Tuesday, April 14, 2009

The Space Between

Although I hate waiting for spring and summer to arrive, there is a nice overlap between early spring and late winter when I get the chance mix and match seasonal ingredients. While the farmer's market hasn't quite caught up to the calendar, a lot of my local organic markets have, and asparagus, strawberries and artichokes abound. Of course, winter citrus has not completely disappeared, as evidenced by several blood oranges that remained in my fridge as I came bounding home with a tote bag full of fresh asparagus. I've made it every which way, but nothing ever seems to top simply roasting it in the oven with olive oil and a little salt and pepper. I've thought of a dozen other preparations, but nothing ever seems as satisfying or as easy as oven roasting. I never seem to tire of it either, but I'm constantly getting asked for more interesting ways to serve it (tofu is actually what I get asked about most often).

My favorite piece of advice is to let people know that you can always embellish asparagus (or anything, for that matter) after you've roasted it. You could leave the seasoning off and allow it to chill before tossing with dressing, prepare a separate dipping sauce, or cut it up and serve it over a simple pasta dish. It's not a difficult vegetable to pair and goes with almost anything, including aioli, eggs and citrus. Since I had all those oranges wasting away in the fridge I figured why not toss my roasted asparagus with orange segments and a lovely citrus dressing? That way I could make it a warm salad that still had a great deal of bright, refreshing flavor from the oranges, and I'd be able to use the orange juice in the vinaigrette. It was an easy dish to prepare that was done in no time, and really ushered in spring.

First, I tossed the asparagus spears in extra virgin olive oil, then seasoned them with just kosher salt and freshly ground pepper. I popped them in the oven to cook for about 15 minutes (mine were nice and fat; thinner spears can be done in 10 minutes or less), just about the time it took to peel and supreme the oranges. The important thing is to keep the remainder of the oranges after you've cut out the segments. You can squeeze plenty of juice out of those little suckers, and believe me, it'll add great flavor and depth to your vinaigrette, which would work on a number of different salads, including just a plain leaf salad (no need to go juicing a whole new orange). The vinaigrette was simple with a nice bit of sweet and sour action, mixing the orange and blood orange juice with honey, Dijon mustard and a little red wine vinegar for some extra tang. It came out a lovely pink hue that paired really well with the green asparagus and brightly colored orange segments. I topped the salad off with some thin curls of parmesan cheese for a bit of delicious salty goodness and called it a day. Here are my final recipes, which can definitely be broken up and used separately.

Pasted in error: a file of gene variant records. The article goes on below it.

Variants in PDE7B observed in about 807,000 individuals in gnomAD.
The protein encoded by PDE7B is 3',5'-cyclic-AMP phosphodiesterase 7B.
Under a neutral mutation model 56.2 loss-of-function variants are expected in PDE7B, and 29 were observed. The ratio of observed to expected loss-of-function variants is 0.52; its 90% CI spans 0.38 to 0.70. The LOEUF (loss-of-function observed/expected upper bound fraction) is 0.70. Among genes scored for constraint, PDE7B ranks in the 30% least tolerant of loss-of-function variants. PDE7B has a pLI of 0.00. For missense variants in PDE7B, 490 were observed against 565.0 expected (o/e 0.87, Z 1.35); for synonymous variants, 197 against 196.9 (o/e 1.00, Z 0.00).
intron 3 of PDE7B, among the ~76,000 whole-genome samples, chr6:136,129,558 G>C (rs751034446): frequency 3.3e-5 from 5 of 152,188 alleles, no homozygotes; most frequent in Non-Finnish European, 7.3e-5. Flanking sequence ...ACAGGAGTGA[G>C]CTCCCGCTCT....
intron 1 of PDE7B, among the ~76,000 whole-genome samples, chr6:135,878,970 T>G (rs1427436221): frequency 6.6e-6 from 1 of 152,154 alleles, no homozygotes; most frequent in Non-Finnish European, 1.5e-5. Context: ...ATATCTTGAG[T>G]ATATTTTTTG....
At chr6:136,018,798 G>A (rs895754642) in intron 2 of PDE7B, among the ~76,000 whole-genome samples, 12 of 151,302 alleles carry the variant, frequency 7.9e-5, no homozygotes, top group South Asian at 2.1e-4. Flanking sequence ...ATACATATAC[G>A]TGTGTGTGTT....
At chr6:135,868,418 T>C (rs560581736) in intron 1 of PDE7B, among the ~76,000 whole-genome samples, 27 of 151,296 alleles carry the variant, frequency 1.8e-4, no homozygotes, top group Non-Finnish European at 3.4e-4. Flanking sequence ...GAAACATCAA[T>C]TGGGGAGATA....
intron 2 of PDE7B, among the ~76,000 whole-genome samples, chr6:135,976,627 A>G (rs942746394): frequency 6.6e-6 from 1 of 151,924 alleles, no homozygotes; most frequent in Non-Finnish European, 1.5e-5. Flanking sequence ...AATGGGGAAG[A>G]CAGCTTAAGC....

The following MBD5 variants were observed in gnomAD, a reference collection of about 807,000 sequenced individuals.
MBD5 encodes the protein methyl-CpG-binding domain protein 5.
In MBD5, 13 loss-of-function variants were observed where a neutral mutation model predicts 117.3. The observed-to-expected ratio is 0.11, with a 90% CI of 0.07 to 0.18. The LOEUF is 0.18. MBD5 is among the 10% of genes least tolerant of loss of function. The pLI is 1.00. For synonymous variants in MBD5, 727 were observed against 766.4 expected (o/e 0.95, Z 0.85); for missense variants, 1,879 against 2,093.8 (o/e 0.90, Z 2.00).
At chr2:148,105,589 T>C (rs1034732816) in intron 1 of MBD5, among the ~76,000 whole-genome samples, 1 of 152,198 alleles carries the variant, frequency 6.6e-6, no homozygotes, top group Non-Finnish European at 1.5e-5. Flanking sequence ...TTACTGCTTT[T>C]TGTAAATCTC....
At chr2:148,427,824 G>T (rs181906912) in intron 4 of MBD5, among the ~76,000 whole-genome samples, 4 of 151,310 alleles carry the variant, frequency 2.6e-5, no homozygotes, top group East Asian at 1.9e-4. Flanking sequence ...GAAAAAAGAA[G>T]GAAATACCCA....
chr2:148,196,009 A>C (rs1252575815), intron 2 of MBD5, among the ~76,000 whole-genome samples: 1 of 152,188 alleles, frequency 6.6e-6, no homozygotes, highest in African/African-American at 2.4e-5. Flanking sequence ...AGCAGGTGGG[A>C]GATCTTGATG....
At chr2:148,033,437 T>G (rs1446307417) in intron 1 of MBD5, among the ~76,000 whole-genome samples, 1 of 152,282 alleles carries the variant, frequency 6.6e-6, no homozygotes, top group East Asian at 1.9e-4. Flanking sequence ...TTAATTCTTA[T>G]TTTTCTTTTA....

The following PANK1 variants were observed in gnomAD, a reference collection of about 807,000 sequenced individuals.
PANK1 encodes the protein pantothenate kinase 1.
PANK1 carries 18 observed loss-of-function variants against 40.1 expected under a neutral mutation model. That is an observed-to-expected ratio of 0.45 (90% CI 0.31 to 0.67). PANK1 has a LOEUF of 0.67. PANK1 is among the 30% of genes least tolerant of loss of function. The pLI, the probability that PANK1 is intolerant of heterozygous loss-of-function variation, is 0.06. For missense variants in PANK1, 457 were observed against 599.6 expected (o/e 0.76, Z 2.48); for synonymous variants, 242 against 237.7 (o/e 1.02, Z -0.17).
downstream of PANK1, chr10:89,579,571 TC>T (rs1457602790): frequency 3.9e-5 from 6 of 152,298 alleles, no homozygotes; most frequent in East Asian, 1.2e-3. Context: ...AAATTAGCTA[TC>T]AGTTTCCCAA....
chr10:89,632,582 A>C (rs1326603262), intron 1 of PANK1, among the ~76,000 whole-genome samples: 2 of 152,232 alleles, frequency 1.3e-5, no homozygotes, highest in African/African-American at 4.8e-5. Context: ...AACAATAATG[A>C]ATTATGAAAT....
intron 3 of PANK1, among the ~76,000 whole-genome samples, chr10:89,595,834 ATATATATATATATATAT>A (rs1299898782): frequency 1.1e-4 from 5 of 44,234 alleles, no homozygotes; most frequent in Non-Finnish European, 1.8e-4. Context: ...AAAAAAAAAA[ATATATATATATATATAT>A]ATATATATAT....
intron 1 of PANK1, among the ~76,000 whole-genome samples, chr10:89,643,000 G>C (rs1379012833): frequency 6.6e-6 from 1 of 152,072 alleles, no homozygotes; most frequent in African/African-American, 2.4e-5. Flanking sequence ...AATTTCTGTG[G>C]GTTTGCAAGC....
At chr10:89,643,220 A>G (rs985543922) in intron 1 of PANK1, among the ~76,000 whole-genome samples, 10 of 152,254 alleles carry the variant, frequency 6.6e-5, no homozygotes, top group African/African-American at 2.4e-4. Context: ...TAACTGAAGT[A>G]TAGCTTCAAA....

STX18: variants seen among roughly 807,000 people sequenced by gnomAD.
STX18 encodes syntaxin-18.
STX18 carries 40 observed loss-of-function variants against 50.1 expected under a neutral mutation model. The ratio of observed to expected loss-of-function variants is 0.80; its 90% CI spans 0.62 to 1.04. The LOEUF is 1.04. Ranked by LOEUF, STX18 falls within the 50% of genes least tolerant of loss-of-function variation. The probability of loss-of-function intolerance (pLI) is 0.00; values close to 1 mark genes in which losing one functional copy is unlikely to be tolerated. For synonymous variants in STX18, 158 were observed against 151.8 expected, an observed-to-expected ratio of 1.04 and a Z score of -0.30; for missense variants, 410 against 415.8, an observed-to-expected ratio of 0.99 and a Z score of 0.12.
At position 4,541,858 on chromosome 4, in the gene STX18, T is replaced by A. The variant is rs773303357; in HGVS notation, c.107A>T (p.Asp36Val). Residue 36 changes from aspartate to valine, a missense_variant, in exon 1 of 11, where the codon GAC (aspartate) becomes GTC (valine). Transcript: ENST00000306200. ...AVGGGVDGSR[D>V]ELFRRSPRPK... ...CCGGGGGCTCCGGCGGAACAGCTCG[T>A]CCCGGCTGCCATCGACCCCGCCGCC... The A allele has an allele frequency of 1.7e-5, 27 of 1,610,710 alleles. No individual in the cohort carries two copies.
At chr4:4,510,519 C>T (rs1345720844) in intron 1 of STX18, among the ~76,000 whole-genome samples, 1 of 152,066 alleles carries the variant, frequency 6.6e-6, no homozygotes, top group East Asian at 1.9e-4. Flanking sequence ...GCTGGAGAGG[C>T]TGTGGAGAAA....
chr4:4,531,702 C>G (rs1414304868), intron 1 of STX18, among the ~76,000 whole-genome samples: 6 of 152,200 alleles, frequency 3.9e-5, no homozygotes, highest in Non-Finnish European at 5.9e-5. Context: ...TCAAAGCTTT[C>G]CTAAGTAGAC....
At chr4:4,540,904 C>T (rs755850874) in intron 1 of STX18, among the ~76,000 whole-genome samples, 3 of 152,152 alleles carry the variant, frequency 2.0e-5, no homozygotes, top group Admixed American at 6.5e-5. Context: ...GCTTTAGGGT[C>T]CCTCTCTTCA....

Warm Asparagus and Citrus Salad

1 bunch fresh asparagus spears, ends trimmed
2 Tbsp extra virgin olive oil
small block parmesan cheese (optional)

1 blood orange, peeled and segmented (leftovers reserved)
1 orange, peeled and segmented, (leftovers reserved)
3-4 Tbsp red wine vinegar
1 tsp honey
3/4 tsp Dijon mustard
zest of half a lemon
extra virgin olive oil

1. Preheat oven to 350 F degrees. Drizzle asparagus with olive oil and season with salt and pepper. Place asparagus on a foil lined baking sheet (for easy clean-up), and cook in the oven for 10-15 minutes or until bright green and tender-crisp.

2. Meanwhile, combine vinegar, honey, lemon zest and mustard in a bowl and slowly whisk in olive oil until desired consistency is reached. Season with salt and pepper to taste.

3. Plate asparagus and drizzle liberally with a few tablespoons of the vinaigrette. Top with orange and blood orange segments and drizzle with remaining vinaigrette, to taste. Garnish with thin ribbons of parmesan cheese. Enjoy!


1 comment:

The Food Hunter said...

I love asparagus and the citrus vinaigrette sounds perfect with it.